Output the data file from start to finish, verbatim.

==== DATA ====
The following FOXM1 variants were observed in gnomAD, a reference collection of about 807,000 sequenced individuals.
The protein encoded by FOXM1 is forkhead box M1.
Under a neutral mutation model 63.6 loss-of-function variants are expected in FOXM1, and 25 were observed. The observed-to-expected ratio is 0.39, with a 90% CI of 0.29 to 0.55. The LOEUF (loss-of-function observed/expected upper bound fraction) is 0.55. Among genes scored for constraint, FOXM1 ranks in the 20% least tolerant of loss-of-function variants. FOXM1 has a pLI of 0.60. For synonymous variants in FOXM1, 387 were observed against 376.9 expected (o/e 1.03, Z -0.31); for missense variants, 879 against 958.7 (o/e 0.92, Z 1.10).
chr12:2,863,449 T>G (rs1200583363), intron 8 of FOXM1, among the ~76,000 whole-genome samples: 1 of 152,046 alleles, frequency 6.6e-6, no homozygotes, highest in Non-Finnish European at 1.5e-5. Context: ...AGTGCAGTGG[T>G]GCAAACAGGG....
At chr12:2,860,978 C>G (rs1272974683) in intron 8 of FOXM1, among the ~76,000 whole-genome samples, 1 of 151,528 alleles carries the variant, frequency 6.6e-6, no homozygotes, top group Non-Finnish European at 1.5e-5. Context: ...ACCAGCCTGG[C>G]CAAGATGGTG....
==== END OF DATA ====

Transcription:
The following FOXM1 variants were observed in gnomAD, a reference collection of about 807,000 sequenced individuals.
The protein encoded by FOXM1 is forkhead box M1.
Under a neutral mutation model 63.6 loss-of-function variants are expected in FOXM1, and 25 were observed. The observed-to-expected ratio is 0.39, with a 90% CI of 0.29 to 0.55. The LOEUF (loss-of-function observed/expected upper bound fraction) is 0.55. Among genes scored for constraint, FOXM1 ranks in the 20% least tolerant of loss-of-function variants. FOXM1 has a pLI of 0.60. For synonymous variants in FOXM1, 387 were observed against 376.9 expected (o/e 1.03, Z -0.31); for missense variants, 879 against 958.7 (o/e 0.92, Z 1.10).
chr12:2,863,449 T>G (rs1200583363), intron 8 of FOXM1, among the ~76,000 whole-genome samples: 1 of 152,046 alleles, frequency 6.6e-6, no homozygotes, highest in Non-Finnish European at 1.5e-5. Context: ...AGTGCAGTGG[T>G]GCAAACAGGG....
At chr12:2,860,978 C>G (rs1272974683) in intron 8 of FOXM1, among the ~76,000 whole-genome samples, 1 of 151,528 alleles carries the variant, frequency 6.6e-6, no homozygotes, top group Non-Finnish European at 1.5e-5. Context: ...ACCAGCCTGG[C>G]CAAGATGGTG....